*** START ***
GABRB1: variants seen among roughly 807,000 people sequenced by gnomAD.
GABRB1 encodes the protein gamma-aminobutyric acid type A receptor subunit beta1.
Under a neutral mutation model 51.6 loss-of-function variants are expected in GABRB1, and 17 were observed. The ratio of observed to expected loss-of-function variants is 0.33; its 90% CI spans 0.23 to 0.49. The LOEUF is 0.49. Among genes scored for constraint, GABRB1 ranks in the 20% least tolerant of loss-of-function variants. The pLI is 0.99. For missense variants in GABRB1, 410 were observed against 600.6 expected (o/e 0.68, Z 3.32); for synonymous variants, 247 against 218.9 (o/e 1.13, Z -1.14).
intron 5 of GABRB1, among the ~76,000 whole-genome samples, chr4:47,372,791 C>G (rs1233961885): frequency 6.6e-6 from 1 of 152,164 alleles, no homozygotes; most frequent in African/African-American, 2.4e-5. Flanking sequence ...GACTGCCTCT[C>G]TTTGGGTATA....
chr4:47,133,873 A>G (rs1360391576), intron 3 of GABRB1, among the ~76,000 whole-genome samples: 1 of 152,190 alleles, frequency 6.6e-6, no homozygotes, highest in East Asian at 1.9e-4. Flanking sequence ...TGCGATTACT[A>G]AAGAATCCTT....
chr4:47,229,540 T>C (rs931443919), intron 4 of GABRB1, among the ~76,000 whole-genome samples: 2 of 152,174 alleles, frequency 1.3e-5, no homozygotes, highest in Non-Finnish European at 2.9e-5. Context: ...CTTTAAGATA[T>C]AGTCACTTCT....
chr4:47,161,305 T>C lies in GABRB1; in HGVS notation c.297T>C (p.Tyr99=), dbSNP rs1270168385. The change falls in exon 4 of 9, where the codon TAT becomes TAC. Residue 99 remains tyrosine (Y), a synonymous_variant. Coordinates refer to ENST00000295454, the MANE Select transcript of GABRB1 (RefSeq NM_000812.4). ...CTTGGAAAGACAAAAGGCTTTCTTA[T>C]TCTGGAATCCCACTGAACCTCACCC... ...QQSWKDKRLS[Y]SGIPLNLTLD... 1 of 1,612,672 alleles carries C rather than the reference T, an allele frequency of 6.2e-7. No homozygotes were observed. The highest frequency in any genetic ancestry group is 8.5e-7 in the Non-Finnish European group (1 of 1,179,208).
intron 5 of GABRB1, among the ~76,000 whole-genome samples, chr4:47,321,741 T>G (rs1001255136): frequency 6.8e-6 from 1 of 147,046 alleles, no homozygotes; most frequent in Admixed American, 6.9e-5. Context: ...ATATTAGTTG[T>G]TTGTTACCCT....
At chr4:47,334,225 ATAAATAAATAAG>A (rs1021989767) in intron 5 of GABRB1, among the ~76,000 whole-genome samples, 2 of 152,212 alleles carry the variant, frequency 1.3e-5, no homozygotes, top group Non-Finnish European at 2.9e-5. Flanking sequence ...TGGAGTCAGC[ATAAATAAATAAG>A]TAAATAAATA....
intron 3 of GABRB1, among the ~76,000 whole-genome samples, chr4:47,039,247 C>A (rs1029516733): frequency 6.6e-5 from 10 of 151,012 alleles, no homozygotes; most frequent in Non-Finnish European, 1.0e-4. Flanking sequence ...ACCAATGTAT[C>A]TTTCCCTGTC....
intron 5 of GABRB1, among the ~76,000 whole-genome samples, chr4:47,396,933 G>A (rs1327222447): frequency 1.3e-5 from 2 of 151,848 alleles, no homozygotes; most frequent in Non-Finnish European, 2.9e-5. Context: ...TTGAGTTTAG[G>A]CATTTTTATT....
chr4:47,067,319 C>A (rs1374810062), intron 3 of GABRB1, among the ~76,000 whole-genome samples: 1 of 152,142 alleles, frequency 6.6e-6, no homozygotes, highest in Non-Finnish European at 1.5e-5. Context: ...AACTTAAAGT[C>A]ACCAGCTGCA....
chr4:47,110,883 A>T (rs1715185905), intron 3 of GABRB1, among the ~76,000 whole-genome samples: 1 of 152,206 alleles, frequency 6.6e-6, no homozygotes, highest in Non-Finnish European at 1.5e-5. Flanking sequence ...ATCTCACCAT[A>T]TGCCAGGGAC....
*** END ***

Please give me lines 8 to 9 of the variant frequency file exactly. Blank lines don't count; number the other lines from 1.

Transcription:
intron 5 of GABRB1, among the ~76,000 whole-genome samples, chr4:47,321,741 T>G (rs1001255136): frequency 6.8e-6 from 1 of 147,046 alleles, no homozygotes; most frequent in Admixed American, 6.9e-5. Context: ...ATATTAGTTG[T>G]TTGTTACCCT....
At chr4:47,334,225 ATAAATAAATAAG>A (rs1021989767) in intron 5 of GABRB1, among the ~76,000 whole-genome samples, 2 of 152,212 alleles carry the variant, frequency 1.3e-5, no homozygotes, top group Non-Finnish European at 2.9e-5. Flanking sequence ...TGGAGTCAGC[ATAAATAAATAAG>A]TAAATAAATA....